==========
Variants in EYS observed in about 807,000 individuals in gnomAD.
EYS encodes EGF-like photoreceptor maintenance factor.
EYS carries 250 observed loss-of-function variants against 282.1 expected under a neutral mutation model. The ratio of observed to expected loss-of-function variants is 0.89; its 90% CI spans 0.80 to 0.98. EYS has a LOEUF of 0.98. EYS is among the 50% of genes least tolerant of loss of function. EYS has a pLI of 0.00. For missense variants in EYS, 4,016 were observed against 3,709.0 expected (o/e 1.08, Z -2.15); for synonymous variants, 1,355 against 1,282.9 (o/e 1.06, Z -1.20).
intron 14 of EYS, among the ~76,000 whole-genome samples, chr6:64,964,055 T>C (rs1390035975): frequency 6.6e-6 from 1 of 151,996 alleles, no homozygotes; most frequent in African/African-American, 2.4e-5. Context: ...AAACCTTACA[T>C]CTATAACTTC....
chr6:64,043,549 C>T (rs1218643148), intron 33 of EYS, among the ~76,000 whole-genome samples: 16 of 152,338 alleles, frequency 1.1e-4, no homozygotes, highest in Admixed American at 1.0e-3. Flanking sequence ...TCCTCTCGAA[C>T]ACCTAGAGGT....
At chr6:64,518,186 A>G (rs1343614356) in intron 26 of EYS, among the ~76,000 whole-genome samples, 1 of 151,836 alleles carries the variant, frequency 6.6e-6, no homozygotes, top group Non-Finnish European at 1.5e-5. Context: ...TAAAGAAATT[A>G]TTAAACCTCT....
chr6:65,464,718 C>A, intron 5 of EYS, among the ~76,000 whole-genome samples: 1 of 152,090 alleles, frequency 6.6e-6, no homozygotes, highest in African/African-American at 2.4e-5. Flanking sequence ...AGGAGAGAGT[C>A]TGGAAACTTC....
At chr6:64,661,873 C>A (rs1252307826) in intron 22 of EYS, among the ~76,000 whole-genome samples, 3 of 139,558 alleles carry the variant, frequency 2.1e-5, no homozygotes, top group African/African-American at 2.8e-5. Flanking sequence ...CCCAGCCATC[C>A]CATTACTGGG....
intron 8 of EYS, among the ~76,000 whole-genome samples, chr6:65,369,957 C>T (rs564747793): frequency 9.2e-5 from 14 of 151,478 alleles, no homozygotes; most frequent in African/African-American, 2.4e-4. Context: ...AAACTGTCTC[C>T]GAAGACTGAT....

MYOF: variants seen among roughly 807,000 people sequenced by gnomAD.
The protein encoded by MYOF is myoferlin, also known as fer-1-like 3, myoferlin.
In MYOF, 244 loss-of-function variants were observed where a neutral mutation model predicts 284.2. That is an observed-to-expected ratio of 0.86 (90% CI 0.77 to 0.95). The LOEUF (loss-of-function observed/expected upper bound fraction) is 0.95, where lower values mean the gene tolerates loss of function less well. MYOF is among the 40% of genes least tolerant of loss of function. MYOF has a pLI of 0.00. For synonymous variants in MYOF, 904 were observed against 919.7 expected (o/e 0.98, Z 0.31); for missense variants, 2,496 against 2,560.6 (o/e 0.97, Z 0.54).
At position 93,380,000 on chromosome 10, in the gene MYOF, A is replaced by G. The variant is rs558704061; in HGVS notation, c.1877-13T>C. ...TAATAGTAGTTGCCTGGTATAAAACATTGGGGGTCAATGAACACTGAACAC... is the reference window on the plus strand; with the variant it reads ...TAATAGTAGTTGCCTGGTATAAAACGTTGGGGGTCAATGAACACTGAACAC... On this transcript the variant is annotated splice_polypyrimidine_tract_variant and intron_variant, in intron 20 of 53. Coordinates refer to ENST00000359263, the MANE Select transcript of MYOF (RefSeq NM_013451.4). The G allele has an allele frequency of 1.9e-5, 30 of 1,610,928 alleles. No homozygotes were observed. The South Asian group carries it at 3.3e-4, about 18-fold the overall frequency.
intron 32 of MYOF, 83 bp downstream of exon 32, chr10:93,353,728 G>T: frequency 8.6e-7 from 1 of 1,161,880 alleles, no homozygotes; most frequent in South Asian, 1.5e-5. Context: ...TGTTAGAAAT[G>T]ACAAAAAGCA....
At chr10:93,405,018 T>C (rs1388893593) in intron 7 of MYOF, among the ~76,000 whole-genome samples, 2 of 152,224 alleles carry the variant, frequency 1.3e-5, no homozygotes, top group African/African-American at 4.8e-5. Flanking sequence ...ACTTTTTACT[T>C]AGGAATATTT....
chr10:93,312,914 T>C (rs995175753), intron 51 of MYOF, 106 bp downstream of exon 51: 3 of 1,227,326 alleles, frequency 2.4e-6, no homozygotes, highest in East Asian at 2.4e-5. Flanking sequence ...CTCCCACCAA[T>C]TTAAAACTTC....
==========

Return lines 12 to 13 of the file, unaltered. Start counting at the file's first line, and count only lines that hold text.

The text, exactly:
In MYOF, 244 loss-of-function variants were observed where a neutral mutation model predicts 284.2. That is an observed-to-expected ratio of 0.86 (90% CI 0.77 to 0.95). The LOEUF (loss-of-function observed/expected upper bound fraction) is 0.95, where lower values mean the gene tolerates loss of function less well. MYOF is among the 40% of genes least tolerant of loss of function. MYOF has a pLI of 0.00. For synonymous variants in MYOF, 904 were observed against 919.7 expected (o/e 0.98, Z 0.31); for missense variants, 2,496 against 2,560.6 (o/e 0.97, Z 0.54).
At position 93,380,000 on chromosome 10, in the gene MYOF, A is replaced by G. The variant is rs558704061; in HGVS notation, c.1877-13T>C. ...TAATAGTAGTTGCCTGGTATAAAACATTGGGGGTCAATGAACACTGAACAC... is the reference window on the plus strand; with the variant it reads ...TAATAGTAGTTGCCTGGTATAAAACGTTGGGGGTCAATGAACACTGAACAC... On this transcript the variant is annotated splice_polypyrimidine_tract_variant and intron_variant, in intron 20 of 53. Coordinates refer to ENST00000359263, the MANE Select transcript of MYOF (RefSeq NM_013451.4). The G allele has an allele frequency of 1.9e-5, 30 of 1,610,928 alleles. No homozygotes were observed. The South Asian group carries it at 3.3e-4, about 18-fold the overall frequency.